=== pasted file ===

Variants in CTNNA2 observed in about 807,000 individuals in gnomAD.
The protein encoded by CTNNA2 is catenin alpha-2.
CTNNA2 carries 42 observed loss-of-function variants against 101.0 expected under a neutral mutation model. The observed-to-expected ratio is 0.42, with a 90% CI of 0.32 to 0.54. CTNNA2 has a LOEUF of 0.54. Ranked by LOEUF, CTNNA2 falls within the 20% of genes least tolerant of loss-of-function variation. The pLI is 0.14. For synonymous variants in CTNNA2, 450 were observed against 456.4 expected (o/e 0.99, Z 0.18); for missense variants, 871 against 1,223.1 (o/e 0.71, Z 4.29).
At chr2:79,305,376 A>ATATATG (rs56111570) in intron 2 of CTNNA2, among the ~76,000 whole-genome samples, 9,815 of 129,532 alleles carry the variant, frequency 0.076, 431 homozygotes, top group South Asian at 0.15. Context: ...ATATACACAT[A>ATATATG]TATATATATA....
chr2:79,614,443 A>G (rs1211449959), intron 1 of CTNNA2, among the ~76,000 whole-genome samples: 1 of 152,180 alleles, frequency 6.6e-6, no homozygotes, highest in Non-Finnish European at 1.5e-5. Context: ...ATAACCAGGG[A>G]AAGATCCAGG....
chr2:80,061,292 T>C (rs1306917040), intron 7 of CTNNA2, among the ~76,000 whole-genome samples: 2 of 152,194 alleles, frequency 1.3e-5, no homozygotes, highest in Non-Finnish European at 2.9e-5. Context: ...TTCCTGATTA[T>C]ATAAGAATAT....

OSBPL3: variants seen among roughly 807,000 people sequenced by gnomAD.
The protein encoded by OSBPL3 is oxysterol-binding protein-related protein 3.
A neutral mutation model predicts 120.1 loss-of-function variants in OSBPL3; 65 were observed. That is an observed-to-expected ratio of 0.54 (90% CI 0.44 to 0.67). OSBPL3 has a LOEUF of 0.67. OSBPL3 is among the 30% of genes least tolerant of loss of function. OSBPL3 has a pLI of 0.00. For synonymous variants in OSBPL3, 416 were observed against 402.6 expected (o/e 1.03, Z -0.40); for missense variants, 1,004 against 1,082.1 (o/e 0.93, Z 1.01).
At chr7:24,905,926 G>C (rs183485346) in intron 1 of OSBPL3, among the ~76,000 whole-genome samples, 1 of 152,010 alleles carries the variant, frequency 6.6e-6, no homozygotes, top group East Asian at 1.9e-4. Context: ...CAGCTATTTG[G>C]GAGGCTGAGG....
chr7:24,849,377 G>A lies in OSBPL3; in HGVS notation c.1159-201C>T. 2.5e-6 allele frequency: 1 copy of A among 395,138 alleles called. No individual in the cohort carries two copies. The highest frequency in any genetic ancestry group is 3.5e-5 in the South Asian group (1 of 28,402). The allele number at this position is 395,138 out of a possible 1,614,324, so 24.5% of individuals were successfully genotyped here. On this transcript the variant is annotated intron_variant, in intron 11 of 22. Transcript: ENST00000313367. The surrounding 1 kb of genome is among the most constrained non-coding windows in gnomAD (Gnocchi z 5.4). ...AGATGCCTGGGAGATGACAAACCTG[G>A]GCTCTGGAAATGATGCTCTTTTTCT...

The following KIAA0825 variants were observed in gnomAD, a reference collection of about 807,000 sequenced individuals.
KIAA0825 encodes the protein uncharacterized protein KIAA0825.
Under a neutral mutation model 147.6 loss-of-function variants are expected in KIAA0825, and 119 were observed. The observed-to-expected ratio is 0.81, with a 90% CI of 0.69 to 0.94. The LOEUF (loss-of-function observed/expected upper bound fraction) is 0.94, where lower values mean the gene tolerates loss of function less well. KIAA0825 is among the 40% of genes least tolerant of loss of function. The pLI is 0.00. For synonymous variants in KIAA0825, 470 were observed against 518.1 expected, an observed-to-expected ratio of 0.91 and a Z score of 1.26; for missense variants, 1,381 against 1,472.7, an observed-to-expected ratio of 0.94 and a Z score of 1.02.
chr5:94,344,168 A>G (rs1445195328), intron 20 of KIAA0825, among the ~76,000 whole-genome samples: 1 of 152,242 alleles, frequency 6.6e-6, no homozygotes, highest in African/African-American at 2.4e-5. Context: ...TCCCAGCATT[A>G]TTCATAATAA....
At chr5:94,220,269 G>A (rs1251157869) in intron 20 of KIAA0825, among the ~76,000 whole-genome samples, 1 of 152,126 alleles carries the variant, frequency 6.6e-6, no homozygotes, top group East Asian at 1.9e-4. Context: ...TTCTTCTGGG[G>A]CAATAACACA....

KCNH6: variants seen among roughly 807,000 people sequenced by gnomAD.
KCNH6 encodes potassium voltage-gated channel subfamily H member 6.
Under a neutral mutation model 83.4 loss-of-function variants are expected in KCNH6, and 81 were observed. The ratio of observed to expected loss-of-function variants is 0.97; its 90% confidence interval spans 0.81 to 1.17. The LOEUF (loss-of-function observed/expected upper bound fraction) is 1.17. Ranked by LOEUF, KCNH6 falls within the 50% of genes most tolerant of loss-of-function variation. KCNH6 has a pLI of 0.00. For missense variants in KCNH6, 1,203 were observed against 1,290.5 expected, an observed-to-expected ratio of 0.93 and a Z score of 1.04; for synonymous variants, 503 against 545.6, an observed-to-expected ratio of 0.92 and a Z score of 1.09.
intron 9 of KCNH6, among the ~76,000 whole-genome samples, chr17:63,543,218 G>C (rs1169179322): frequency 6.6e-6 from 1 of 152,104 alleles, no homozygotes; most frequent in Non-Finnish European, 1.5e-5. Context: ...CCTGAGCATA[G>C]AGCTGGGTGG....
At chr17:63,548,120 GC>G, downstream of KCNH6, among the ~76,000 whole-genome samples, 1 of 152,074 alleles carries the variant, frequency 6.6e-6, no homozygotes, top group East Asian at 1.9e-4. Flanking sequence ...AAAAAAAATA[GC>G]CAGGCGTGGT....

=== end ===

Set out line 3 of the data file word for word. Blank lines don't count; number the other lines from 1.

CTNNA2 carries 42 observed loss-of-function variants against 101.0 expected under a neutral mutation model. The observed-to-expected ratio is 0.42, with a 90% CI of 0.32 to 0.54. CTNNA2 has a LOEUF of 0.54. Ranked by LOEUF, CTNNA2 falls within the 20% of genes least tolerant of loss-of-function variation. The pLI is 0.14. For synonymous variants in CTNNA2, 450 were observed against 456.4 expected (o/e 0.99, Z 0.18); for missense variants, 871 against 1,223.1 (o/e 0.71, Z 4.29).